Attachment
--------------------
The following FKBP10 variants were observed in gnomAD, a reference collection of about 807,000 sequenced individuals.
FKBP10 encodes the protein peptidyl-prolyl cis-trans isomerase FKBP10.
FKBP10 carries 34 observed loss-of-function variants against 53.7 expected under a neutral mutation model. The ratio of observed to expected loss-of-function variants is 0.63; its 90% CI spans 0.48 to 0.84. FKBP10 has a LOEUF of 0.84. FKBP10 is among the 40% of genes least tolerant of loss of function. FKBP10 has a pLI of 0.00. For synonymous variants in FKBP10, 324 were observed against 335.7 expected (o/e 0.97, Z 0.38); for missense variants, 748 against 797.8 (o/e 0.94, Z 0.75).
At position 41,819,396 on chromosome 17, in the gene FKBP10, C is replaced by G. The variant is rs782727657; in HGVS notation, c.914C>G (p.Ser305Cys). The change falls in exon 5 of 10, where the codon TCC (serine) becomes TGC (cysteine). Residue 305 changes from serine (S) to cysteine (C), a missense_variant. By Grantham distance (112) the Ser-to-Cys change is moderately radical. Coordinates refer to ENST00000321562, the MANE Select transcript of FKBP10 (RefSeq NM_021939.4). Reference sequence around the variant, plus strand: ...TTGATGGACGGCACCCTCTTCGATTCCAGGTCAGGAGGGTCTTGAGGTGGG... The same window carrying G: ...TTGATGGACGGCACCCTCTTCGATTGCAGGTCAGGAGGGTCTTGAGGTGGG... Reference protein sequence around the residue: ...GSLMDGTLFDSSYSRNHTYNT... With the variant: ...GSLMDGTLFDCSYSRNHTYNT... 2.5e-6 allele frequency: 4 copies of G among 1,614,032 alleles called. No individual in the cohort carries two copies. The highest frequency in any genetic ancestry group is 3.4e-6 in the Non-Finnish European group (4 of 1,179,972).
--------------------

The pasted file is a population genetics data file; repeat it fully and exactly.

The following FKBP10 variants were observed in gnomAD, a reference collection of about 807,000 sequenced individuals.
FKBP10 encodes the protein peptidyl-prolyl cis-trans isomerase FKBP10.
FKBP10 carries 34 observed loss-of-function variants against 53.7 expected under a neutral mutation model. The ratio of observed to expected loss-of-function variants is 0.63; its 90% CI spans 0.48 to 0.84. FKBP10 has a LOEUF of 0.84. FKBP10 is among the 40% of genes least tolerant of loss of function. FKBP10 has a pLI of 0.00. For synonymous variants in FKBP10, 324 were observed against 335.7 expected (o/e 0.97, Z 0.38); for missense variants, 748 against 797.8 (o/e 0.94, Z 0.75).
At position 41,819,396 on chromosome 17, in the gene FKBP10, C is replaced by G. The variant is rs782727657; in HGVS notation, c.914C>G (p.Ser305Cys). The change falls in exon 5 of 10, where the codon TCC (serine) becomes TGC (cysteine). Residue 305 changes from serine (S) to cysteine (C), a missense_variant. By Grantham distance (112) the Ser-to-Cys change is moderately radical. Coordinates refer to ENST00000321562, the MANE Select transcript of FKBP10 (RefSeq NM_021939.4). Reference sequence around the variant, plus strand: ...TTGATGGACGGCACCCTCTTCGATTCCAGGTCAGGAGGGTCTTGAGGTGGG... The same window carrying G: ...TTGATGGACGGCACCCTCTTCGATTGCAGGTCAGGAGGGTCTTGAGGTGGG... Reference protein sequence around the residue: ...GSLMDGTLFDSSYSRNHTYNT... With the variant: ...GSLMDGTLFDCSYSRNHTYNT... 2.5e-6 allele frequency: 4 copies of G among 1,614,032 alleles called. No individual in the cohort carries two copies. The highest frequency in any genetic ancestry group is 3.4e-6 in the Non-Finnish European group (4 of 1,179,972).